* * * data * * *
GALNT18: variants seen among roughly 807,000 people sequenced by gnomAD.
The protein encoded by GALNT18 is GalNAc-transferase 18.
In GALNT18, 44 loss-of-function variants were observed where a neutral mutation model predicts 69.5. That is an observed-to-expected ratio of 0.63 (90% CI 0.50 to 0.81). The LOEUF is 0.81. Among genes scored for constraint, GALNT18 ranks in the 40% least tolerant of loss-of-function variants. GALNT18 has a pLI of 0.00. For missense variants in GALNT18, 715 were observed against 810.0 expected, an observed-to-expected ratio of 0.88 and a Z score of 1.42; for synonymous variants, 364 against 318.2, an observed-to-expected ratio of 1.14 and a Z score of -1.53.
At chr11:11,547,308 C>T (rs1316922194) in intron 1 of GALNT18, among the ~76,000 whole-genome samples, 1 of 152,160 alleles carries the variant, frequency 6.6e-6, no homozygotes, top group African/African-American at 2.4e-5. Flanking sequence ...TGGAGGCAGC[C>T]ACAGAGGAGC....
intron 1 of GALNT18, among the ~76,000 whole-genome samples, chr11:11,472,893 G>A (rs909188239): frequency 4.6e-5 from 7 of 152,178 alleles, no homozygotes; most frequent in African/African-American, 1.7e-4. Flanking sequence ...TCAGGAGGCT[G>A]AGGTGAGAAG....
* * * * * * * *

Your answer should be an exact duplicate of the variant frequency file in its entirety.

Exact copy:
GALNT18: variants seen among roughly 807,000 people sequenced by gnomAD.
The protein encoded by GALNT18 is GalNAc-transferase 18.
In GALNT18, 44 loss-of-function variants were observed where a neutral mutation model predicts 69.5. That is an observed-to-expected ratio of 0.63 (90% CI 0.50 to 0.81). The LOEUF is 0.81. Among genes scored for constraint, GALNT18 ranks in the 40% least tolerant of loss-of-function variants. GALNT18 has a pLI of 0.00. For missense variants in GALNT18, 715 were observed against 810.0 expected, an observed-to-expected ratio of 0.88 and a Z score of 1.42; for synonymous variants, 364 against 318.2, an observed-to-expected ratio of 1.14 and a Z score of -1.53.
At chr11:11,547,308 C>T (rs1316922194) in intron 1 of GALNT18, among the ~76,000 whole-genome samples, 1 of 152,160 alleles carries the variant, frequency 6.6e-6, no homozygotes, top group African/African-American at 2.4e-5. Flanking sequence ...TGGAGGCAGC[C>T]ACAGAGGAGC....
intron 1 of GALNT18, among the ~76,000 whole-genome samples, chr11:11,472,893 G>A (rs909188239): frequency 4.6e-5 from 7 of 152,178 alleles, no homozygotes; most frequent in African/African-American, 1.7e-4. Flanking sequence ...TCAGGAGGCT[G>A]AGGTGAGAAG....